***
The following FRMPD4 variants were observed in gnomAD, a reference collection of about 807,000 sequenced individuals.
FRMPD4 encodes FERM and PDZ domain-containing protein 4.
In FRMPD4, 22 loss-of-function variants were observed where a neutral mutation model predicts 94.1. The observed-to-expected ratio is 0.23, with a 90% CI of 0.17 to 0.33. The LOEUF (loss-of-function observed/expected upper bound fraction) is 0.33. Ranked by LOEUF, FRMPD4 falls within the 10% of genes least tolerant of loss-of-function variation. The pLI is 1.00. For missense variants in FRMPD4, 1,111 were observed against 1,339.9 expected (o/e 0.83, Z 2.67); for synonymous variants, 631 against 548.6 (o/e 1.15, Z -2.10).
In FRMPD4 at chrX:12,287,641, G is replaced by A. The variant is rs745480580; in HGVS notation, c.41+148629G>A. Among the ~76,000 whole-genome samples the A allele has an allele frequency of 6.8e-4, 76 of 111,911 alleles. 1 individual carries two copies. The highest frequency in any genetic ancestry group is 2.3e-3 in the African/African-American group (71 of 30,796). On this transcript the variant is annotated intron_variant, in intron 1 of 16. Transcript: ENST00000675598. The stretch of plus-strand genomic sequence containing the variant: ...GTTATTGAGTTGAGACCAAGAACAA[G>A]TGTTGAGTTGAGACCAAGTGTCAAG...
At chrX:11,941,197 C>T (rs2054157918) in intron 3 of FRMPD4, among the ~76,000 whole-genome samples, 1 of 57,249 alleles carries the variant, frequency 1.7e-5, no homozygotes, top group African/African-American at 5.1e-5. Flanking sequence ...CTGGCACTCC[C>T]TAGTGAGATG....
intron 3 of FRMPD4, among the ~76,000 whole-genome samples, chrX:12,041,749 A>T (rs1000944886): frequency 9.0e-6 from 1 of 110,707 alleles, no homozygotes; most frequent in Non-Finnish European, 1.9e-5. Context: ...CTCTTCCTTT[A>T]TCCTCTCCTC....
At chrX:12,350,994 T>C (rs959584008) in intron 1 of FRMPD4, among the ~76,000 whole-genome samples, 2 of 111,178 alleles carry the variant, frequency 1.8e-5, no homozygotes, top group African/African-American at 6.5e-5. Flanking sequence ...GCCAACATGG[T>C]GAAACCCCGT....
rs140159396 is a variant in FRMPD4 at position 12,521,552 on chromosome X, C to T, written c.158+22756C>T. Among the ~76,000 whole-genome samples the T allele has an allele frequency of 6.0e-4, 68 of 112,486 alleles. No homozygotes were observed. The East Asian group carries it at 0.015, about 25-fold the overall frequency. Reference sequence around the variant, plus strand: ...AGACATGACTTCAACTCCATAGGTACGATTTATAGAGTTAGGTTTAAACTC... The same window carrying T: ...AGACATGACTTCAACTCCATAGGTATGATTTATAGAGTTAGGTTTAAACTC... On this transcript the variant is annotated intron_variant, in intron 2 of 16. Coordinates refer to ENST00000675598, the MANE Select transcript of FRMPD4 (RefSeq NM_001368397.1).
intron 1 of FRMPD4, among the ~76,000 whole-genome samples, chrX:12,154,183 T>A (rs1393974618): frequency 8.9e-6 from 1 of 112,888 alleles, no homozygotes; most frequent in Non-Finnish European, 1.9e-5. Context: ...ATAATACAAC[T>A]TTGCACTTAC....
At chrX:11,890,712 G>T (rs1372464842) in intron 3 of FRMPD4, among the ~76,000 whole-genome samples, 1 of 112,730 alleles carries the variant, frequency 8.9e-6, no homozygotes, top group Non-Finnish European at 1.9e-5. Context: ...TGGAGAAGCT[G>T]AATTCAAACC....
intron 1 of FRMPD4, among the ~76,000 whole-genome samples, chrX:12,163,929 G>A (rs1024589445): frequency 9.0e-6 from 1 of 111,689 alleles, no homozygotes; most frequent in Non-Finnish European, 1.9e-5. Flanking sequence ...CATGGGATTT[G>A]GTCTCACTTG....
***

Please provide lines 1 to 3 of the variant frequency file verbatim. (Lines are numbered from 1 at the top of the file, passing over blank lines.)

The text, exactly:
The following FRMPD4 variants were observed in gnomAD, a reference collection of about 807,000 sequenced individuals.
FRMPD4 encodes FERM and PDZ domain-containing protein 4.
In FRMPD4, 22 loss-of-function variants were observed where a neutral mutation model predicts 94.1. The observed-to-expected ratio is 0.23, with a 90% CI of 0.17 to 0.33. The LOEUF (loss-of-function observed/expected upper bound fraction) is 0.33. Ranked by LOEUF, FRMPD4 falls within the 10% of genes least tolerant of loss-of-function variation. The pLI is 1.00. For missense variants in FRMPD4, 1,111 were observed against 1,339.9 expected (o/e 0.83, Z 2.67); for synonymous variants, 631 against 548.6 (o/e 1.15, Z -2.10).